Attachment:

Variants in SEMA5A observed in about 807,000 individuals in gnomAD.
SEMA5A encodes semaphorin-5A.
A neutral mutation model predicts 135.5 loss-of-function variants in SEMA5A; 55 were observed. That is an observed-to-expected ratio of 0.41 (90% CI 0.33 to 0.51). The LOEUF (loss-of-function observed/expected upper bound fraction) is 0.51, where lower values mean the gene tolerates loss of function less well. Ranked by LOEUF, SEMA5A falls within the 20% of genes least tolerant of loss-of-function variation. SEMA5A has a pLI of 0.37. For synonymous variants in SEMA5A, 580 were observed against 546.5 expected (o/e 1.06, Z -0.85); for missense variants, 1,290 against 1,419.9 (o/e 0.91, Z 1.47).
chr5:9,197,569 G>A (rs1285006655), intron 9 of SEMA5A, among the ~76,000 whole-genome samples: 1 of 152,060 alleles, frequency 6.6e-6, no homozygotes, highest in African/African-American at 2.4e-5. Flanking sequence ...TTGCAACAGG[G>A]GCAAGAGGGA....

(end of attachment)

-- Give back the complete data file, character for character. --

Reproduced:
Variants in SEMA5A observed in about 807,000 individuals in gnomAD.
SEMA5A encodes semaphorin-5A.
A neutral mutation model predicts 135.5 loss-of-function variants in SEMA5A; 55 were observed. That is an observed-to-expected ratio of 0.41 (90% CI 0.33 to 0.51). The LOEUF (loss-of-function observed/expected upper bound fraction) is 0.51, where lower values mean the gene tolerates loss of function less well. Ranked by LOEUF, SEMA5A falls within the 20% of genes least tolerant of loss-of-function variation. SEMA5A has a pLI of 0.37. For synonymous variants in SEMA5A, 580 were observed against 546.5 expected (o/e 1.06, Z -0.85); for missense variants, 1,290 against 1,419.9 (o/e 0.91, Z 1.47).
chr5:9,197,569 G>A (rs1285006655), intron 9 of SEMA5A, among the ~76,000 whole-genome samples: 1 of 152,060 alleles, frequency 6.6e-6, no homozygotes, highest in African/African-American at 2.4e-5. Flanking sequence ...TTGCAACAGG[G>A]GCAAGAGGGA....